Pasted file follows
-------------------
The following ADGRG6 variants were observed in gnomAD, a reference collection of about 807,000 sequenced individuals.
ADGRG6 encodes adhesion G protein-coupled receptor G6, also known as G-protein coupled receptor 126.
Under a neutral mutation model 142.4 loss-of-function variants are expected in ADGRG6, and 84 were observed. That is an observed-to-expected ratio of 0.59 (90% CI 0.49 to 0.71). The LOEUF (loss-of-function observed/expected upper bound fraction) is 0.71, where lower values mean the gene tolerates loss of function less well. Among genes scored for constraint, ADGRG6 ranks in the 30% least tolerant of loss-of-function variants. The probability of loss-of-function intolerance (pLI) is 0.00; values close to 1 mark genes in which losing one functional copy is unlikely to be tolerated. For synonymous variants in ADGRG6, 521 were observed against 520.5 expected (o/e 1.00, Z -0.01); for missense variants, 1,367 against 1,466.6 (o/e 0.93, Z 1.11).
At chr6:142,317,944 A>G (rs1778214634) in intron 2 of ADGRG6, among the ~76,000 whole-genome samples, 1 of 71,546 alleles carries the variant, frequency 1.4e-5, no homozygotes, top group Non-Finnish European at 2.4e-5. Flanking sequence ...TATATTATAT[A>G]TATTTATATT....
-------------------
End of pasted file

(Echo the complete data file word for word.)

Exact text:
The following ADGRG6 variants were observed in gnomAD, a reference collection of about 807,000 sequenced individuals.
ADGRG6 encodes adhesion G protein-coupled receptor G6, also known as G-protein coupled receptor 126.
Under a neutral mutation model 142.4 loss-of-function variants are expected in ADGRG6, and 84 were observed. That is an observed-to-expected ratio of 0.59 (90% CI 0.49 to 0.71). The LOEUF (loss-of-function observed/expected upper bound fraction) is 0.71, where lower values mean the gene tolerates loss of function less well. Among genes scored for constraint, ADGRG6 ranks in the 30% least tolerant of loss-of-function variants. The probability of loss-of-function intolerance (pLI) is 0.00; values close to 1 mark genes in which losing one functional copy is unlikely to be tolerated. For synonymous variants in ADGRG6, 521 were observed against 520.5 expected (o/e 1.00, Z -0.01); for missense variants, 1,367 against 1,466.6 (o/e 0.93, Z 1.11).
At chr6:142,317,944 A>G (rs1778214634) in intron 2 of ADGRG6, among the ~76,000 whole-genome samples, 1 of 71,546 alleles carries the variant, frequency 1.4e-5, no homozygotes, top group Non-Finnish European at 2.4e-5. Flanking sequence ...TATATTATAT[A>G]TATTTATATT....